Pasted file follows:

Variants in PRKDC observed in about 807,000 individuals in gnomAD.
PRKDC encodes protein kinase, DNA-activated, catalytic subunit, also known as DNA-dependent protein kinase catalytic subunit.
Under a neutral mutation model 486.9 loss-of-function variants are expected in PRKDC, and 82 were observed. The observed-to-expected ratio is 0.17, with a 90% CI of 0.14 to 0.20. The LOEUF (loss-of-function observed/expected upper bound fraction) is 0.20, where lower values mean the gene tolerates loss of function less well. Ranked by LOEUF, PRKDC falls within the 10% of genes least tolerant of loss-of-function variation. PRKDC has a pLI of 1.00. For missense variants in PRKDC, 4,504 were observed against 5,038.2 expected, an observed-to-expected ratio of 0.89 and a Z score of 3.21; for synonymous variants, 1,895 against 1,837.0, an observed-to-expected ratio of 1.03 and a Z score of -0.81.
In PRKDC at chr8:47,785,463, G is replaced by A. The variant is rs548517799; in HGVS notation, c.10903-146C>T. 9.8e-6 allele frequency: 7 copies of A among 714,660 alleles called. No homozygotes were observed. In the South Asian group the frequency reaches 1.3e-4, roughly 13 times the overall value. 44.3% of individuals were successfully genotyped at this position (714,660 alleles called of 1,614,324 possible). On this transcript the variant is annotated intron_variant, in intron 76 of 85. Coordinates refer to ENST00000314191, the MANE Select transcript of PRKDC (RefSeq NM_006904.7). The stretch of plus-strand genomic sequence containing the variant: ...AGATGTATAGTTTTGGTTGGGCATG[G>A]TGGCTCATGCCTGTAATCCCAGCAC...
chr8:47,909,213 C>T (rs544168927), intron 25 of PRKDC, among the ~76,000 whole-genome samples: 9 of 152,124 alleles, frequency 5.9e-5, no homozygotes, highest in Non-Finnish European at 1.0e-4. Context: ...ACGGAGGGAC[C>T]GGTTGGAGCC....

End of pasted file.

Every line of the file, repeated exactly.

Variants in PRKDC observed in about 807,000 individuals in gnomAD.
PRKDC encodes protein kinase, DNA-activated, catalytic subunit, also known as DNA-dependent protein kinase catalytic subunit.
Under a neutral mutation model 486.9 loss-of-function variants are expected in PRKDC, and 82 were observed. The observed-to-expected ratio is 0.17, with a 90% CI of 0.14 to 0.20. The LOEUF (loss-of-function observed/expected upper bound fraction) is 0.20, where lower values mean the gene tolerates loss of function less well. Ranked by LOEUF, PRKDC falls within the 10% of genes least tolerant of loss-of-function variation. PRKDC has a pLI of 1.00. For missense variants in PRKDC, 4,504 were observed against 5,038.2 expected, an observed-to-expected ratio of 0.89 and a Z score of 3.21; for synonymous variants, 1,895 against 1,837.0, an observed-to-expected ratio of 1.03 and a Z score of -0.81.
In PRKDC at chr8:47,785,463, G is replaced by A. The variant is rs548517799; in HGVS notation, c.10903-146C>T. 9.8e-6 allele frequency: 7 copies of A among 714,660 alleles called. No homozygotes were observed. In the South Asian group the frequency reaches 1.3e-4, roughly 13 times the overall value. 44.3% of individuals were successfully genotyped at this position (714,660 alleles called of 1,614,324 possible). On this transcript the variant is annotated intron_variant, in intron 76 of 85. Coordinates refer to ENST00000314191, the MANE Select transcript of PRKDC (RefSeq NM_006904.7). The stretch of plus-strand genomic sequence containing the variant: ...AGATGTATAGTTTTGGTTGGGCATG[G>A]TGGCTCATGCCTGTAATCCCAGCAC...
chr8:47,909,213 C>T (rs544168927), intron 25 of PRKDC, among the ~76,000 whole-genome samples: 9 of 152,124 alleles, frequency 5.9e-5, no homozygotes, highest in Non-Finnish European at 1.0e-4. Context: ...ACGGAGGGAC[C>T]GGTTGGAGCC....